World No Tobacco Day: Protecting youth from harmful effects of smoking

World No Tobacco Day is an annual event that is observed on May 31 to spread awareness about the harmful effects of smoking and consumption of tobacco on health.
The campaign aims to reduce the prevalence of diseases and deaths due to the consumption of tobacco. This year, the main focus is on protecting young people from the marketing of big tobacco companies and helping them avoid using tobacco and nicotine.
History
The World Health Organization (WHO) sponsors this awareness day every year to highlight the health risks of using tobacco and encourage governments to implement policies that help reduce smoking and use of other tobacco products.
According to the WHO, eight million people die as a result of tobacco use every year. It is responsible for lung diseases and other respiratory disorders including tuberculosis, chronic obstructive pulmonary disease (COPD), oral and lung cancers.
This year, WHO is encouraging efforts to empower young people stand up to big tobacco companies by resisting their ads and marketing, refusing to use any tobacco or nicotine products (including e-cigarettes and other vaping devices), and help spread the message among their friends.
WHO is also working to expose ways tobacco companies market their products to young people. They are encouraging renowned personalities, media, and others including parents and teachers to protect young people from these harmful messages.
Studies show that most people who smoke started when they were teenagers. The younger someone is when they begin to use tobacco and nicotine products, the more likely they are to become addicted. This is why it is important for young people to stay away from smoking and vaping.
Smoking in Pakistan
Smoking and the use of tobacco and nicotine products is widely prevalent in Pakistan. It is estimated that the prevalence of tobacco smoking is 36% for males and 9% for females.
Among young adults, especially university students, the prevalence of smoking is 15% with the majority being male smokers. Approximately 1,200 children start smoking everyday. An astounding one billion cigarettes are consumed every day in Pakistan.
The reason young people start to smoke is complex and includes a wide range of biological, social and environmental factors including exposure to smoking by parents, siblings, friends and general public.
Anti-Tobacco Legislation
The youth generations must be urgently protected from the devastating health, social, environmental and economic consequences of consumption and exposure to tobacco.
Governments should use tobacco control measures in the WHO Framework Convention on Tobacco Control (WHO FCTC) to reduce the prevalence of tobacco use and exposure to tobacco smoke.
Pakistan became a Party to the WHO Framework Convention on Tobacco Control on February 27, 2005. Smoking is prohibited in all places of public work or use, and on all public transport.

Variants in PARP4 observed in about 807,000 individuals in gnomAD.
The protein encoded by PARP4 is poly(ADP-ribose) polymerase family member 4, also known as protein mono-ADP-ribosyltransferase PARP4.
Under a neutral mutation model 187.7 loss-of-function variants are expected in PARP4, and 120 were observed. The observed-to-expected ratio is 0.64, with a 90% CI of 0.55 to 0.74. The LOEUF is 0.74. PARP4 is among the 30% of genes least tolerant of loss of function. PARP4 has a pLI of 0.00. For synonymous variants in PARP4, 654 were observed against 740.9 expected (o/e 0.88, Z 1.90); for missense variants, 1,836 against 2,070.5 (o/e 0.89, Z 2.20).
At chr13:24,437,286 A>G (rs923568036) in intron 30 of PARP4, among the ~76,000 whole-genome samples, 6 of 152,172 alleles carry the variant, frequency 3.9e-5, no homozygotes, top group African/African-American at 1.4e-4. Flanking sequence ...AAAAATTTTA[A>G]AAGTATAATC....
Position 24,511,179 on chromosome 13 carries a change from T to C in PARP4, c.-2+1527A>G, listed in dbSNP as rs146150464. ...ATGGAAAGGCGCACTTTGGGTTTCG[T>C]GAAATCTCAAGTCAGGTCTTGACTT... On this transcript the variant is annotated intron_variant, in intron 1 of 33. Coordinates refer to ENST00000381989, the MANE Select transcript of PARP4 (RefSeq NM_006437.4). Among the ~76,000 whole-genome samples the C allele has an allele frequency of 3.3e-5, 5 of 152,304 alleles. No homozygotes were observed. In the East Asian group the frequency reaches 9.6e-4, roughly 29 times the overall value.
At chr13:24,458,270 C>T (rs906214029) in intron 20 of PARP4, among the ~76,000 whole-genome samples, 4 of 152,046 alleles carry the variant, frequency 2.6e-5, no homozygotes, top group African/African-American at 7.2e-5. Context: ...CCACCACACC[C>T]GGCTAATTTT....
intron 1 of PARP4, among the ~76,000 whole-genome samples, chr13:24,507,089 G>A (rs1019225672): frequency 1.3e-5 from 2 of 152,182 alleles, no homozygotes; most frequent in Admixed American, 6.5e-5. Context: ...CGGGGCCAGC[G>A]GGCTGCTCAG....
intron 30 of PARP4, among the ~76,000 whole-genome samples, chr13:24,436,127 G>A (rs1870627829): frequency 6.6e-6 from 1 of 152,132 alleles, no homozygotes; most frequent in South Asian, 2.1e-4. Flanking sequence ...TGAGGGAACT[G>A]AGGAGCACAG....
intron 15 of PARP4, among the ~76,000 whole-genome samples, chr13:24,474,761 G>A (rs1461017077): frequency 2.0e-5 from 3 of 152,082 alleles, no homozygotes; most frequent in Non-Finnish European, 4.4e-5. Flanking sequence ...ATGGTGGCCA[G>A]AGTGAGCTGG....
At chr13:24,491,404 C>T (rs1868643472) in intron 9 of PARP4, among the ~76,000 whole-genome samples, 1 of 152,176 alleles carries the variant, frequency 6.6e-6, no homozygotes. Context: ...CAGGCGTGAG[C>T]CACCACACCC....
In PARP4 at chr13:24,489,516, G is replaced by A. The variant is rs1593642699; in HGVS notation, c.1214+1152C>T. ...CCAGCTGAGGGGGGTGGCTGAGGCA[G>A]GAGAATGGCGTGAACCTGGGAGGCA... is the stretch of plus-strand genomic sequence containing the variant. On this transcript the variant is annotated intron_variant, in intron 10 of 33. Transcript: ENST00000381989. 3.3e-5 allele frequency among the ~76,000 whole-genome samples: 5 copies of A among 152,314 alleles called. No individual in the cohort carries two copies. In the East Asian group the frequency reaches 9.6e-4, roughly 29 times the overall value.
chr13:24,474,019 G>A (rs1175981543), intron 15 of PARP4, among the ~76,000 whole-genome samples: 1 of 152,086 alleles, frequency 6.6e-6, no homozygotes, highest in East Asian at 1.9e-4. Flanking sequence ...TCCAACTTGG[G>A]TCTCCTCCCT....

We are not even aware of this law and continue to smoke in public places. With respect to outdoor areas, smoking is prohibited in outdoor waiting areas for buses and trains.
Most forms of tobacco advertising and promotion are prohibited, including advertising on TV, radio, print media, billboards, point of sale advertising and product display and direct targeting of individuals while there are restrictions on tobacco sponsorship.
Tobacco Packaging and Labeling
The Ministry of Health has issued one warning containing both a picture and text that must be placed on all cigarette packs. The warning must occupy 60 percent of the pack and be placed on the front top of the pack in Urdu and on the back top of the pack in English.
Health warnings are not required on smokeless tobacco products. In Pakistan, the law does not grant the authority to regulate the contents of cigarettes. The law also does not require manufacturers and importers to disclose contents and emissions of their products.
The law prohibits the sale of smoked tobacco products within 50 meters of any school, university, or educational institution, as well as the sale of single cigarettes and small packets of cigarettes.
The sale of tobacco products is prohibited to persons under the age of 18. The retail sale of e-cigarettes is allowed and there are no restrictions on the use, advertising, promotion and sponsorship or packaging and labeling of e-cigarettes.
Quit Smoking
Smoking is a highly addictive and harmful habit and smokers should quit. Counselling and medication can more than double a person’s chance of successfully quitting.
Health professionals have the greatest potential of any group in society to promote the reduction of tobacco use.  Brief advice from health professionals can increase quitting success rates by up to 30%, while intensive advice increases the chance of quitting by 84%.
Quitting smoking decreases the excess risk of many diseases related to second-hand smoke in children, such as respiratory diseases (e.g., asthma) and ear infections. It also reduces the chances of impotence, having difficulty getting pregnant, premature births, babies with low birth weights and miscarriage.
If you are in your 30s then quitting smoking can add almost ten years to your life expectancy. Even if you are in your 60s you can gain three years of life expectancy if you quit smoking. This requires immense willpower and determination but you can quit smoking for a healthy and happy life.
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